Go to the Globe and Mail homepage

Jump to main navigationJump to main content

Report on Business

Economy Lab

Delving into the forces that shape our living standards
Best Business Blog, EPPY awards, 2011 and 2012

Entry archive:

Economy Lab has moved

Only Globe Unlimited members will now have access to a wide range of insightful commentary
and analysis on the economy and markets previously offered on this page.


Globe Unlimited subscribers will be able to read these columns,
written by some of Canada’s most deeply respected economists,
such as Christopher Ragan, Sheryl King, Andrew Jackson, and Clement Gignac,
as part of our ROB INSIGHT section.


All of our readers will still be able to browse the Economy Lab archives and read our
broader coverage of economic data and news by accessing their 10 free articles a month.


Learn more about Globe Unlimited and how to subscribe.

Pedro Delgado (Mauricio Muñoz/Presidencia de la Republica)
Pedro Delgado (Mauricio Muñoz/Presidencia de la Republica)

Fake degree catches up to Ecuador’s central banker Add to ...

Amid the intense focus on Mark Carney’s move to the Bank of the England and the latest monetary policy manoeuvres of the Fed’s Ben Bernanke and the ECB’s Mario Draghi, a central bank story of an entirely different kind was unfolding in Ecuador.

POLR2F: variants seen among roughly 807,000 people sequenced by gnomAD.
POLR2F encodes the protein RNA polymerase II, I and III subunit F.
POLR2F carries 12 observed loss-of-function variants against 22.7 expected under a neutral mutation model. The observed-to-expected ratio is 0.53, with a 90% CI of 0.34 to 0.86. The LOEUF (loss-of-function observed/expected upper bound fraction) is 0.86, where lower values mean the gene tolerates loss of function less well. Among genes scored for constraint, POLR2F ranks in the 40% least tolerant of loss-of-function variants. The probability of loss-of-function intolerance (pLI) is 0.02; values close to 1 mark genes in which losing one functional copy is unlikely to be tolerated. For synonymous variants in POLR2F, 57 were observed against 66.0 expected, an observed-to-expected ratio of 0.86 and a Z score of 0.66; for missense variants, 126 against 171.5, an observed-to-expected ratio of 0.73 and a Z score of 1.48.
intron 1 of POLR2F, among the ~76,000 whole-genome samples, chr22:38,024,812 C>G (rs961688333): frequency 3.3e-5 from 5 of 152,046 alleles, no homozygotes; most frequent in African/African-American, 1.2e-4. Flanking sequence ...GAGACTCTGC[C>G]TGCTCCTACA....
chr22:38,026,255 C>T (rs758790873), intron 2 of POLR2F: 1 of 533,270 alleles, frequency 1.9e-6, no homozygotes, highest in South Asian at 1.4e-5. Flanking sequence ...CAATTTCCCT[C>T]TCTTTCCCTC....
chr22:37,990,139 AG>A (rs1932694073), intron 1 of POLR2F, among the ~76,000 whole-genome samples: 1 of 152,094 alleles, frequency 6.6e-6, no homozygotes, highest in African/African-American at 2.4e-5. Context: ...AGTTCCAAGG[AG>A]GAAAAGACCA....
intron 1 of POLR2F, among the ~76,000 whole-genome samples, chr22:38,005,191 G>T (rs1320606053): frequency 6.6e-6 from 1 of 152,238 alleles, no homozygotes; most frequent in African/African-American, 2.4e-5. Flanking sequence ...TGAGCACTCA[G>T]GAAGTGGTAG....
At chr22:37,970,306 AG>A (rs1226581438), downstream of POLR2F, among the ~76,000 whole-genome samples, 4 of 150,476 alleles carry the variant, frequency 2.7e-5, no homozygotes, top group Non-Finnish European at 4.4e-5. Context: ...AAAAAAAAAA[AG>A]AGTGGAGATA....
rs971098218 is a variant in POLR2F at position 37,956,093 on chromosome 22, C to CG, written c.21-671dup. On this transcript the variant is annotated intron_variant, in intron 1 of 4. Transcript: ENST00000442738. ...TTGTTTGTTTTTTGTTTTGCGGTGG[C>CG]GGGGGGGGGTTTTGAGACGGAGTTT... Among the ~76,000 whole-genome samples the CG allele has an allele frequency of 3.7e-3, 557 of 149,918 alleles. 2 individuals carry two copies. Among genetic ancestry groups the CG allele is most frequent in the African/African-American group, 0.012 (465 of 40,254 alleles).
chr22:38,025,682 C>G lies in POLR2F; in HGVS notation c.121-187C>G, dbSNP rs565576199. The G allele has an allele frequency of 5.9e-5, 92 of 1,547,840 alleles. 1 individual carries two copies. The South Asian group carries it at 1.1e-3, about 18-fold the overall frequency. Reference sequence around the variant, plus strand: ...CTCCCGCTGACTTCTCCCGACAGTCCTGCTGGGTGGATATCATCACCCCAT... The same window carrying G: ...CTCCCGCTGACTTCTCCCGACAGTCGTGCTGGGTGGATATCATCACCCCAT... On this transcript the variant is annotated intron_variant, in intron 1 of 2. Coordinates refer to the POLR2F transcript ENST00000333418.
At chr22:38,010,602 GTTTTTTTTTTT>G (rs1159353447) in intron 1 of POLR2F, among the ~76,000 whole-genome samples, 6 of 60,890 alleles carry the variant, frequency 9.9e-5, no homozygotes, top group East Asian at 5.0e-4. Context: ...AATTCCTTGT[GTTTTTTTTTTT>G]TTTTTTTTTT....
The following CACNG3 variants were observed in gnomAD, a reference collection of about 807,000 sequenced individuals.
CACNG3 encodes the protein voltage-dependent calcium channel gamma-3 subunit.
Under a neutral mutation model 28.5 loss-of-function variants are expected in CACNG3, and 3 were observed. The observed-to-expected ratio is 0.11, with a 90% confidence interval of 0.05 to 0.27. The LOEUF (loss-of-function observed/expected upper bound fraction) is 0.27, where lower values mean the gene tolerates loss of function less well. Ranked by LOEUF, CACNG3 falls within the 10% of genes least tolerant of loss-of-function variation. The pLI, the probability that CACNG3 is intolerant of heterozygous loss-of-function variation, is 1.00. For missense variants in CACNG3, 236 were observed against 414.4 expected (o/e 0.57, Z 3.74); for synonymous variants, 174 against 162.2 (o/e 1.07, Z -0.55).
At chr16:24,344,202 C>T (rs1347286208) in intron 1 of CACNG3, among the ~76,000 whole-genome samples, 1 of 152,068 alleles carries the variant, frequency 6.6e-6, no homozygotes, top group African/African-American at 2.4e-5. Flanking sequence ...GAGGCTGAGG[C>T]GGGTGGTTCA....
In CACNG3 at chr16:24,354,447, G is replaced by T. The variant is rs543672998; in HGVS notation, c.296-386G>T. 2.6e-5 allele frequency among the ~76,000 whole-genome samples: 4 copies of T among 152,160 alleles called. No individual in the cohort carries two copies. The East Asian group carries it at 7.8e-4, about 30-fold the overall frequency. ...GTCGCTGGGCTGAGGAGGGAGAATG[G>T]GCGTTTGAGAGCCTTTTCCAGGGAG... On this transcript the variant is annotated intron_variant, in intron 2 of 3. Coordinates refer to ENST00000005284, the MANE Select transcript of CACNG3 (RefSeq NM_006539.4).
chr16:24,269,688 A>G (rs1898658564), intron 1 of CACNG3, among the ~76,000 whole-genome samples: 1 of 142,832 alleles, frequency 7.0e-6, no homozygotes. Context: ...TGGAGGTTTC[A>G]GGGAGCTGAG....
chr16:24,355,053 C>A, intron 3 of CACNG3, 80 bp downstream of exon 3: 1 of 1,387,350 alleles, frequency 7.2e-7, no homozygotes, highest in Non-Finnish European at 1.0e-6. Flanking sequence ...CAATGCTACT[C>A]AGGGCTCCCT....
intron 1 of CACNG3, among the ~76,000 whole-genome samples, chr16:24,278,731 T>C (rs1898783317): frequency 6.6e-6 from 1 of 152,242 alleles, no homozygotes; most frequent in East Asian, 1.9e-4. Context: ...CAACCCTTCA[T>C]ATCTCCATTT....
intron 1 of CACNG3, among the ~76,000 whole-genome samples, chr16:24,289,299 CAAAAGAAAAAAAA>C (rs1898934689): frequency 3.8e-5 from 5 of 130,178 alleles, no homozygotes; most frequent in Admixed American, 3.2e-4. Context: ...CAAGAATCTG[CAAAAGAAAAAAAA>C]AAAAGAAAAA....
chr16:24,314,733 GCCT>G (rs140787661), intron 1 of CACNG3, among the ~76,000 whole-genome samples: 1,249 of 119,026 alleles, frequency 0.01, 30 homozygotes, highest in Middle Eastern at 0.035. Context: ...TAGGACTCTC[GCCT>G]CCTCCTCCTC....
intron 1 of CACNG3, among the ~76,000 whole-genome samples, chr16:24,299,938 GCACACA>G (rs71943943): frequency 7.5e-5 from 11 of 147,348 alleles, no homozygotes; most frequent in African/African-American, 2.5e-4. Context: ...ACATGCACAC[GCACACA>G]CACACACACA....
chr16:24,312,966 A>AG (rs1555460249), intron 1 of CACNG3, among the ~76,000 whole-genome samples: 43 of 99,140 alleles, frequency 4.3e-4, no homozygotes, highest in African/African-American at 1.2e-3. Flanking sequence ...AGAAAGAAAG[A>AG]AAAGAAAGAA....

Until his sudden resignation six days before Christmas, Ecuador’s central banker was Pedro Delgado, a long-time public servant who also happens to be a cousin of President Rafael Correa. But it seems Mr. Delgado was utterly unqualified for his job.

More Related to this Story

Mr. Delgado publicly acknowledged that more than two decades earlier he had faked his economics degree, which gained him admittance to a prestigious business school. He then left town, against the advice of his cousin, for what he insisted would be a brief visit to Miami to spend Christmas with relatives. When he didn’t return to Quito after New Year’s, the embarrassed Ecuadorean government asked U.S. officials for help to get him back. They responded on Thursday by revoking Mr. Delgado’s travel visa.

The disgraced central banker faces possible charges for dereliction of duty. A gloomy Mr. Correa declared that Mr. Delgado, who was unmasked by a political opponent who simply contacted the centres of higher learning listed on his résumé, “has done serious damage to the revolution.”

It would be great to report that Ecuador had managed to prove that any idiot off the street could run a central bank. And capitalists are bound to cheer any setback to a market-damaging social revolution. But alas, Mr. Delgado was no candidate for the central bankers’ hall of fame. He came under fire for an allegedly improper loan to an Argentine citizen and for his purchase of a Miami house with another questionable loan. He has denied these and other accusations of illegal financial dealings with Iran.

Follow on Twitter: @bmilnerglobe

In the know

Most popular videos »

Highlights

More from The Globe and Mail

Most popular